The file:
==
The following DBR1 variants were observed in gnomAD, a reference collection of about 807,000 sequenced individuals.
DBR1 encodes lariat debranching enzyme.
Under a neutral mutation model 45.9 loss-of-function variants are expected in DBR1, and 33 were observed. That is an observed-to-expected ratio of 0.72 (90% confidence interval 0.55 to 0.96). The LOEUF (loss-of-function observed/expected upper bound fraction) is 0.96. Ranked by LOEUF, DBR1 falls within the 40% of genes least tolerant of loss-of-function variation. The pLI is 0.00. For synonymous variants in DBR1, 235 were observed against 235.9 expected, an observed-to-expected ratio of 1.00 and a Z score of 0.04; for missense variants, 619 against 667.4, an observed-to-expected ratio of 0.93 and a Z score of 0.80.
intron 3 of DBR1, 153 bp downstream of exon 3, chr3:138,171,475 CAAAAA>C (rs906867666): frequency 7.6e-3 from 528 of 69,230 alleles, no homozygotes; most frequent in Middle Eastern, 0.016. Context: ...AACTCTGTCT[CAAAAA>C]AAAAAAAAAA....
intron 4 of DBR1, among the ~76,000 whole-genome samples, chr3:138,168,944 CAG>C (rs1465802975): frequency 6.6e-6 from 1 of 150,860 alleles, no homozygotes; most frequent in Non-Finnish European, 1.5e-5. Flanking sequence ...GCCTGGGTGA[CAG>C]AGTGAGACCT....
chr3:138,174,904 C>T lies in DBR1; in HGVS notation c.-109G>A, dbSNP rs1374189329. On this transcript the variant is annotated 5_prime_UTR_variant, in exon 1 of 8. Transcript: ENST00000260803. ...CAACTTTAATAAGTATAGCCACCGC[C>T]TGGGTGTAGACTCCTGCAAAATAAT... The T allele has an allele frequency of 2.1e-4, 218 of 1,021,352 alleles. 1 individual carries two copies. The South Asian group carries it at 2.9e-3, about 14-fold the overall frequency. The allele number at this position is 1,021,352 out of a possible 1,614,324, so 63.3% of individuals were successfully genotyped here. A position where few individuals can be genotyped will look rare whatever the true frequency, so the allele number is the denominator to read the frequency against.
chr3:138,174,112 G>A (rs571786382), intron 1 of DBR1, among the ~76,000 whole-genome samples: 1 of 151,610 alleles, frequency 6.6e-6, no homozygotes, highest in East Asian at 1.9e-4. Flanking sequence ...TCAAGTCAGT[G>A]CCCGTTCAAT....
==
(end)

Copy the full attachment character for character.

The following DBR1 variants were observed in gnomAD, a reference collection of about 807,000 sequenced individuals.
DBR1 encodes lariat debranching enzyme.
Under a neutral mutation model 45.9 loss-of-function variants are expected in DBR1, and 33 were observed. That is an observed-to-expected ratio of 0.72 (90% confidence interval 0.55 to 0.96). The LOEUF (loss-of-function observed/expected upper bound fraction) is 0.96. Ranked by LOEUF, DBR1 falls within the 40% of genes least tolerant of loss-of-function variation. The pLI is 0.00. For synonymous variants in DBR1, 235 were observed against 235.9 expected, an observed-to-expected ratio of 1.00 and a Z score of 0.04; for missense variants, 619 against 667.4, an observed-to-expected ratio of 0.93 and a Z score of 0.80.
intron 3 of DBR1, 153 bp downstream of exon 3, chr3:138,171,475 CAAAAA>C (rs906867666): frequency 7.6e-3 from 528 of 69,230 alleles, no homozygotes; most frequent in Middle Eastern, 0.016. Context: ...AACTCTGTCT[CAAAAA>C]AAAAAAAAAA....
intron 4 of DBR1, among the ~76,000 whole-genome samples, chr3:138,168,944 CAG>C (rs1465802975): frequency 6.6e-6 from 1 of 150,860 alleles, no homozygotes; most frequent in Non-Finnish European, 1.5e-5. Flanking sequence ...GCCTGGGTGA[CAG>C]AGTGAGACCT....
chr3:138,174,904 C>T lies in DBR1; in HGVS notation c.-109G>A, dbSNP rs1374189329. On this transcript the variant is annotated 5_prime_UTR_variant, in exon 1 of 8. Transcript: ENST00000260803. ...CAACTTTAATAAGTATAGCCACCGC[C>T]TGGGTGTAGACTCCTGCAAAATAAT... The T allele has an allele frequency of 2.1e-4, 218 of 1,021,352 alleles. 1 individual carries two copies. The South Asian group carries it at 2.9e-3, about 14-fold the overall frequency. The allele number at this position is 1,021,352 out of a possible 1,614,324, so 63.3% of individuals were successfully genotyped here. A position where few individuals can be genotyped will look rare whatever the true frequency, so the allele number is the denominator to read the frequency against.
chr3:138,174,112 G>A (rs571786382), intron 1 of DBR1, among the ~76,000 whole-genome samples: 1 of 151,610 alleles, frequency 6.6e-6, no homozygotes, highest in East Asian at 1.9e-4. Flanking sequence ...TCAAGTCAGT[G>A]CCCGTTCAAT....